More on DLA:

There are 2 components to DLA: Care and Mobility. The mobility component is paid at 2 rates:

  • Low Rate: This is mainly for people with learning difficulties, mental health problems or visual impairments who need human help getting around outside the house because they may get lost easily, etc
  • High Rate: This is for people who are unable or virtually unable to walk
The care component has 3 different rates:
  • Low Rate: This is for people who need help with things like cooking, getting out of bed and other personal tasks a lot – but not all – of the time
  • Middle Rate: This is for people who need help all of their waking hours
  • High Rate: This is for people who need assistance 24/7

These reforms plan to change the name of the benefit from DLA to Personal Independence Payment (PIP). They then plan to achieve the 20% budget cut by:

  • Abolishing the Low Rate Care Component: this means that everyone who needs help “merely” most of the time will lose their support
  • Removing the Mobility Component from manual wheelchair users
  • Increasing the time between onset of condition and being able to claim from 3 months to 6 months

Also missing from the draft criteria is any mention of the need for supervision for safety reasons. A lot of people get the care component of DLA for that reason including people with conditions like brittle bones, epilepsy and mental health problems.

Guest post: How to warm-up in 10 easy steps

Posted on Thu 12th Jan 2012, 12:00pm
This is a guest post from Fuel Poverty Action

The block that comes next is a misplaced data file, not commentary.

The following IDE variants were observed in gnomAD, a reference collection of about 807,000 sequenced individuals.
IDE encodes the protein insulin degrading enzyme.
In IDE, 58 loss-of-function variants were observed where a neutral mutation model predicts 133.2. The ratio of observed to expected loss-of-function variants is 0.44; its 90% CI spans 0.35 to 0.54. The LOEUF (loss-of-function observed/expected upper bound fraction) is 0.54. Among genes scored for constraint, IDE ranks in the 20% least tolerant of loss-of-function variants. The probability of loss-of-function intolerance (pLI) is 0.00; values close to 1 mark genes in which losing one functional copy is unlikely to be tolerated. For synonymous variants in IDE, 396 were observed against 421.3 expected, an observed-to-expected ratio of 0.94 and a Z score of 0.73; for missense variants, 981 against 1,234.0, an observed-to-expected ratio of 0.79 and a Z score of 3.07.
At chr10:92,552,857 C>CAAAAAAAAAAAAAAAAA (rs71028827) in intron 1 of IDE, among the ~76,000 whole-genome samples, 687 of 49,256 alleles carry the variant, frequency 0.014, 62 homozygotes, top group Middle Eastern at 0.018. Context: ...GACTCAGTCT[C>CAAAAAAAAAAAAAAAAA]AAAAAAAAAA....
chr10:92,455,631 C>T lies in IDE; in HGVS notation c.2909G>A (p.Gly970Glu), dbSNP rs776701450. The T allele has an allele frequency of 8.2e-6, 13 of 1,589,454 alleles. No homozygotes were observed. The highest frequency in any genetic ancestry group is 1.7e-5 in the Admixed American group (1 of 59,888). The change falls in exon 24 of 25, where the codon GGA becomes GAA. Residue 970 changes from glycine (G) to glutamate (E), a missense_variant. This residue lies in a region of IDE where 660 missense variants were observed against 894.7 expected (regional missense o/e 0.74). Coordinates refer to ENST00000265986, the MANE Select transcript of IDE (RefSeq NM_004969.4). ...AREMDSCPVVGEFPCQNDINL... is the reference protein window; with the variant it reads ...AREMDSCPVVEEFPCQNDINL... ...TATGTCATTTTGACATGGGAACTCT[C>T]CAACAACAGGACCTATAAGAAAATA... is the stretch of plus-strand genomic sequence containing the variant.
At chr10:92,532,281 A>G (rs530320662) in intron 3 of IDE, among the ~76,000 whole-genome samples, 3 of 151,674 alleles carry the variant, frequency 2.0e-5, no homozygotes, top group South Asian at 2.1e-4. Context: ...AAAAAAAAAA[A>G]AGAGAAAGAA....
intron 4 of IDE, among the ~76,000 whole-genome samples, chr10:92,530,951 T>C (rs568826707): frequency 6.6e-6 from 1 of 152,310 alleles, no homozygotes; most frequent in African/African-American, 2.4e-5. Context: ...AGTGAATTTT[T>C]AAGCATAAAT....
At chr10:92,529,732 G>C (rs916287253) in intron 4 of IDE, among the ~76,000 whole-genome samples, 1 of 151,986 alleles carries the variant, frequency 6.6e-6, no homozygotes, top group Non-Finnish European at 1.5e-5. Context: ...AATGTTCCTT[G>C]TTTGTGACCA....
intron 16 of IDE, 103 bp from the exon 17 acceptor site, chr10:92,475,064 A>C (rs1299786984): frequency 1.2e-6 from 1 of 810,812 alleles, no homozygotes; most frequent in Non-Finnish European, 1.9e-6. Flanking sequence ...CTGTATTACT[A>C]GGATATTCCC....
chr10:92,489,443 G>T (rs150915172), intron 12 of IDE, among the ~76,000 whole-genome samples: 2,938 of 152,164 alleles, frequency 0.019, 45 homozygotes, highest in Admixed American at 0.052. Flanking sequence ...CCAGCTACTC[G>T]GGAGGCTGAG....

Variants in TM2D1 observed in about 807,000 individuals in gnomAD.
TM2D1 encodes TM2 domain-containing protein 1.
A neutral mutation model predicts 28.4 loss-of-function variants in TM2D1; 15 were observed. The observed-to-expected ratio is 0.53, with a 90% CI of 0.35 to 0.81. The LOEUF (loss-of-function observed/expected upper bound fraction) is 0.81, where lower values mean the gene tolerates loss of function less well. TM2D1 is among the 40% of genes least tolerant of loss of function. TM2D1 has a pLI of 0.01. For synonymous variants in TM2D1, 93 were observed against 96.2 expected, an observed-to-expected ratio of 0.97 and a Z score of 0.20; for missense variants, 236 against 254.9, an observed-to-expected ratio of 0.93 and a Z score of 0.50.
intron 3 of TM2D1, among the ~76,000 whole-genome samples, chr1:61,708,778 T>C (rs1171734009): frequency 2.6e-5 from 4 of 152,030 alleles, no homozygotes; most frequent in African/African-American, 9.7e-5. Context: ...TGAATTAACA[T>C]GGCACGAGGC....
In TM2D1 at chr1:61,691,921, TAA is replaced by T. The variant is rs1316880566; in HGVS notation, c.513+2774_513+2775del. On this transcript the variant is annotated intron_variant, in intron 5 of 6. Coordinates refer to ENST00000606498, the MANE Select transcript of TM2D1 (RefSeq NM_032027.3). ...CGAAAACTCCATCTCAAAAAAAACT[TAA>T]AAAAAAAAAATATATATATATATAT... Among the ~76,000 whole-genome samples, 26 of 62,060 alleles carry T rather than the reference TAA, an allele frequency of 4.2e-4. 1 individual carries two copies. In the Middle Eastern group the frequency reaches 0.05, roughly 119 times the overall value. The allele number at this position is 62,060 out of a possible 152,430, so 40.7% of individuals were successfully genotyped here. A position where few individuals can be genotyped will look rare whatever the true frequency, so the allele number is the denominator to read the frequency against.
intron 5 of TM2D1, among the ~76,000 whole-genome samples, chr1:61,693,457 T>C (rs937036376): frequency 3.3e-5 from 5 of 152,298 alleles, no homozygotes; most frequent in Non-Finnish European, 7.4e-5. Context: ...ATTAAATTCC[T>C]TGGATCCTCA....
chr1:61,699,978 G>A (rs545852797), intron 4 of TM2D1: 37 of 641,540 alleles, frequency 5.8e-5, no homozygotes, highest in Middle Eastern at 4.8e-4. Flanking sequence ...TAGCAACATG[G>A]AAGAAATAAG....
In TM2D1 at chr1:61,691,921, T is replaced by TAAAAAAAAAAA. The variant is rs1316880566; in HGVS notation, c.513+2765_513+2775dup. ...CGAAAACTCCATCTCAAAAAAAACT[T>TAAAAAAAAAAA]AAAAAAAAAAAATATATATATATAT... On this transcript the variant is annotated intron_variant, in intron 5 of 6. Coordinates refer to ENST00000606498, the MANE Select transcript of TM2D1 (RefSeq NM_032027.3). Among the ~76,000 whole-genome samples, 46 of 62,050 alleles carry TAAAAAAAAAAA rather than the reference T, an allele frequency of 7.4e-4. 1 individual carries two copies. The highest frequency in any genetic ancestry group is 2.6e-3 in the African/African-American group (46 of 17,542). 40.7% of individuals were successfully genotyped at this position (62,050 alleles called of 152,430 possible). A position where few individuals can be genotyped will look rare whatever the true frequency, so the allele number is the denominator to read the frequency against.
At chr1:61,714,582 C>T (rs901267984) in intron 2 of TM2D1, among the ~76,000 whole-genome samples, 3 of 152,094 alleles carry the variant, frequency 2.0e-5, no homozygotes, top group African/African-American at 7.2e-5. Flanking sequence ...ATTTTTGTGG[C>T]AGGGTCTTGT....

On Friday 27th until Monday 30th January, Fuel Poverty Action are staging a weekend of Winter Warm-ups where we will be coming in from the cold, to the warm offices of those resposible for fuel poverty. Across the country we will challenge the collusion between the government and the energy companies who are profiting from people freezing this winter. Here’s a step by step guide to planning a Warm-up in your local area…

1. Who is affected… Fuel poverty disproportionately affects young children, pensioners, people suffering from illnesses, disabled people, students and others on low incomes. Think about contacting mothers & toddler groups, pensioners’ groups, student organisations, disability groups, residents associations, tenants associations. Before you plan your warm-up, it’s a good idea to chat with some of these people and discuss the idea of a warm-up with them. See what they think of the idea, whether it’s something they’d like to help plan or participate in, and what they’d like to get out of a warm-up.

2. Find a group of people who want to plan a warm-up together. This can be anything from a group of people fed up with extortionate energy bills, a group of friends, a coalition of people from different groups, an existing group such as an anti-cuts group or environmental organisation, or a combination of any of these! A really successful warm-up can be planned by a few people with a spare few hours, so don’t worry if you don’t have masses of people!